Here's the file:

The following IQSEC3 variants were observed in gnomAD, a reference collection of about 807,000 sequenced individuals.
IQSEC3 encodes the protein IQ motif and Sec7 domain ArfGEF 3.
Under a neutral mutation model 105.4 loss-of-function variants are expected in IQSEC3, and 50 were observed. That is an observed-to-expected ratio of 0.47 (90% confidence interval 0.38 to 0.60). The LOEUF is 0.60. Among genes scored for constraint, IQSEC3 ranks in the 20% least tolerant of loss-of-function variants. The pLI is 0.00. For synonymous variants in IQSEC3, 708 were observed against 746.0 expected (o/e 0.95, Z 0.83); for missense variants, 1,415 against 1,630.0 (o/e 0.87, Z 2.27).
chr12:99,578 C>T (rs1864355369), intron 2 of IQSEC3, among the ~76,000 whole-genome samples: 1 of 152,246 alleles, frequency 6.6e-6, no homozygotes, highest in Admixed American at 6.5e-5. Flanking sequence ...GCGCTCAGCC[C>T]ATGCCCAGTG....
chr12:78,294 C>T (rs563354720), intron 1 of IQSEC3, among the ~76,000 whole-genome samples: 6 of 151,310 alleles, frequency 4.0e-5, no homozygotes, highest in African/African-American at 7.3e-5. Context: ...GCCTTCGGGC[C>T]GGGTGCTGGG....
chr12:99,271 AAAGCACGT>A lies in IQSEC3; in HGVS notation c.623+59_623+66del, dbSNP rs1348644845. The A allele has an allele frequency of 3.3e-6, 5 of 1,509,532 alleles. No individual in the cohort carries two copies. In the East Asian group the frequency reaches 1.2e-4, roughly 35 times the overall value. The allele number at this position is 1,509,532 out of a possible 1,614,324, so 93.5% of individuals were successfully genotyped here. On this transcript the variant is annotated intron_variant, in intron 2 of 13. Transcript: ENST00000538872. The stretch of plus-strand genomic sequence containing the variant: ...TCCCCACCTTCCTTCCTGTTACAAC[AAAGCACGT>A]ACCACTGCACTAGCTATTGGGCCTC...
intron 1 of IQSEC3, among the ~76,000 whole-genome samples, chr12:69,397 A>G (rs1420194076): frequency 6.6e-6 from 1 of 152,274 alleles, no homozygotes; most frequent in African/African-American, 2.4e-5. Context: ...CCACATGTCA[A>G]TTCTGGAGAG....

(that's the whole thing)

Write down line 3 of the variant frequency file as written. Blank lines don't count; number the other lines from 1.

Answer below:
Under a neutral mutation model 105.4 loss-of-function variants are expected in IQSEC3, and 50 were observed. That is an observed-to-expected ratio of 0.47 (90% confidence interval 0.38 to 0.60). The LOEUF is 0.60. Among genes scored for constraint, IQSEC3 ranks in the 20% least tolerant of loss-of-function variants. The pLI is 0.00. For synonymous variants in IQSEC3, 708 were observed against 746.0 expected (o/e 0.95, Z 0.83); for missense variants, 1,415 against 1,630.0 (o/e 0.87, Z 2.27).